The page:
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From The Reporter online:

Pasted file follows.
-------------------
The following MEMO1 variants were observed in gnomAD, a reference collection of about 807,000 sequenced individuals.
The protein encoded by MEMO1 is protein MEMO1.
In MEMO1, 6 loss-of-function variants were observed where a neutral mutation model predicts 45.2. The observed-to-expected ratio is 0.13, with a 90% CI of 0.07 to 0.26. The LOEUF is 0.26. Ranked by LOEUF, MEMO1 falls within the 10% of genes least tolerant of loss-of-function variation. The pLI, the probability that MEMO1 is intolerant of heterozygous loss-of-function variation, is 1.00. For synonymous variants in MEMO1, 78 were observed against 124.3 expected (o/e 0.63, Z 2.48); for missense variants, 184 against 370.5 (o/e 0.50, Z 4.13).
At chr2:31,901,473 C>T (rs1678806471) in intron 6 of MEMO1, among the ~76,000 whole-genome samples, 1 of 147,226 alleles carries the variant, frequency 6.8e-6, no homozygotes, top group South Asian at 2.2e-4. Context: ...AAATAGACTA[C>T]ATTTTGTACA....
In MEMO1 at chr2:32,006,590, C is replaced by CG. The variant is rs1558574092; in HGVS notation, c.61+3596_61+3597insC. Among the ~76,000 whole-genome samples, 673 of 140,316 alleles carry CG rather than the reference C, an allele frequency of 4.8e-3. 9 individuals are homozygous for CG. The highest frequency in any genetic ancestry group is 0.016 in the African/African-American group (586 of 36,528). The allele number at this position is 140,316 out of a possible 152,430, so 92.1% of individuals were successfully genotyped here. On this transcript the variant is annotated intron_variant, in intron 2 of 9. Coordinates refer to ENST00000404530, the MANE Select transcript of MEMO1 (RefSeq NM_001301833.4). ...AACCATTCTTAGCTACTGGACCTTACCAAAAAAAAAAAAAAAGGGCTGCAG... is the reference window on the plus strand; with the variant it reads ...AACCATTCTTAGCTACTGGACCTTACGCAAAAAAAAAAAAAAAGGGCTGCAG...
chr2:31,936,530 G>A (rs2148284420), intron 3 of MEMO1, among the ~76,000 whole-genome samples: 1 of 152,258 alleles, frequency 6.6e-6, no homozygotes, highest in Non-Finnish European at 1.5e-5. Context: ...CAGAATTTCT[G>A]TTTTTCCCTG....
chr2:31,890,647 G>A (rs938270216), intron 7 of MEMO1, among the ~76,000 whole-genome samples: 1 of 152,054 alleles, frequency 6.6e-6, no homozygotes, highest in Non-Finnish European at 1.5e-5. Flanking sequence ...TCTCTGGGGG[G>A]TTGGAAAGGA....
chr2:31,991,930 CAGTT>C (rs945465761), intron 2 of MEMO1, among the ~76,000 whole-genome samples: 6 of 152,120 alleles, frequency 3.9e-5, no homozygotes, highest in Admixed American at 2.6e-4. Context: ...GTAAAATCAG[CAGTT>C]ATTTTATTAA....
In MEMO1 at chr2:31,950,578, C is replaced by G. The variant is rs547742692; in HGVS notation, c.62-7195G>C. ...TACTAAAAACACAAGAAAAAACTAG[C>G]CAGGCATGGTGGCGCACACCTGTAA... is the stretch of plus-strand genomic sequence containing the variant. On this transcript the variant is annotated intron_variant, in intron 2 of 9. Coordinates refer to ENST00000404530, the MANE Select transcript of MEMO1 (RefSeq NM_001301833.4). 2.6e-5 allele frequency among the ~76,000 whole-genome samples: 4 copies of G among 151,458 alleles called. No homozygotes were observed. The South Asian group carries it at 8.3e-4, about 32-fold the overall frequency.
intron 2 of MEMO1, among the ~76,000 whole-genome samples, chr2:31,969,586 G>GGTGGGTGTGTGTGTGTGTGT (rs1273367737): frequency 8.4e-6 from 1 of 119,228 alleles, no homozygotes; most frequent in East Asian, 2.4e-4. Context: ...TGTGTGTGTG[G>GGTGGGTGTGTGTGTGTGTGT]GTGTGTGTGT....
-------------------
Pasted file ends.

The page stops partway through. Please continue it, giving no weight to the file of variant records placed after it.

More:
Five years ago, during a routine blood and urine test, North Wales resident Tom Green’s doctor detected high creatinine levels.Since creatinine levels are a measure of kidney function, a high level suggested his kidneys weren’t working properly.A kidney biopsy was performed and doctors discovered Tom only had a combine 30 percent function of his kidneys.Outwardly and physically he was doing fine, so he began seeing a nephrologist, or kidney doctor, who monitored his function.In January 2012, his kidney function decreased enough to require Tom to start medications, including steroids and anti-rejection drugs.After the benefits of the medication plateaued, in January 2013 his kidney function started to decline and Tom was referred to Einstein’s Transplant Center.Tom wanted no parts of dialysis so a transplant was the only option — but, he was told the wait for a donor’s organ is four to six years.“Our next option was a live donor,” Marissa Green, Tom’s wife said. “Immediately, all of our children stepped up offering to donate but my son Tom Jr. insisted as the oldest he would be the donor.”The problem, however, was due to Tom’s diagnosis of Focal Segmental Glomerular Sclerosis (FSGS), doctors feared a kidney from his children could possibly develop the same condition.“We were devastated when we got the news that the kids couldn’t be donors — our immediate hope,” Marissa said.Tom, a commercial roofing contractor, also owns Tranzilli Real Italian Water Ice in Philadelphia, and many of his workers, family friends and relatives instantly offered to get tested to see if they could donate a kidney.Marissa decided to be the first one tested so she could let the rest of the potential donors know what to expect.Three weeks later, while at work as a certified school nurse at Montgomery Elementary in the North Penn School District, Marissa got a call from the transplant coordinator, telling her that she was a suitable donor for Tom.“I was elated, saying, ‘You’ve got to be kidding me!’” Marissa said. “I ran across the hall to my friend Toby Sterling to tell her first because she probably heard me screaming on the phone.”Tom wasn’t so excited, worrying about the risk the transplant would put both of them in, when they have three children they love dearly to be here for.“I reminded him, with me he knew what he was getting,” Marissa said. “I don’t smoke, drink on rare occasions. I’m in good health and am active.”In August 2013, Tom was hospitalized with complications from ciliac disease and doctors discovered his kidney function went from 22 percent in July to 15 percent in August. By December his kidney function was down to 11 percent and doctors were ready to get the transplant process going.On January 16, the night before the transplant surgery, the Green family congregated at home, including son Tom Jr., 25, and daughters Alexandra, 23, and Lauren, 18, and Marissa’s 82-year-old mother Olimpia Tranzilli.At 5 a.m. the next morning, they all piled into the car and drove to Einstein.“The most emotional moment was when we said goodbye to go into our separate operating rooms,” Marissa said. “I cry every time I think of that moment — not from sadness but because I’m so elated and grateful I could help my husband.”According to the United Network for Organ Sharing, about 10 to 11 percent of donors are spouses.The Greens like to joke that Tom can’t leave the house without his wife anymore and Marissa is the winner of all arguments for the next 10 years, at least.The surgeries went smoothly and after six days in the hospital both Tom and Marissa recovered at home for seven weeks, while Marissa’s mother took care of them by doing all of the cooking.On April 13, the Greens plan to participate in the Gift of Life Donor Program’s Donor Dash (www.donors1.org/volunteer/dash), to honor organ donors who have saved lives and increase awareness about the need for organ donors.“I always taught my kids it’s better to give than to receive,” Marissa said. “This truly was the greatest gift of my life.”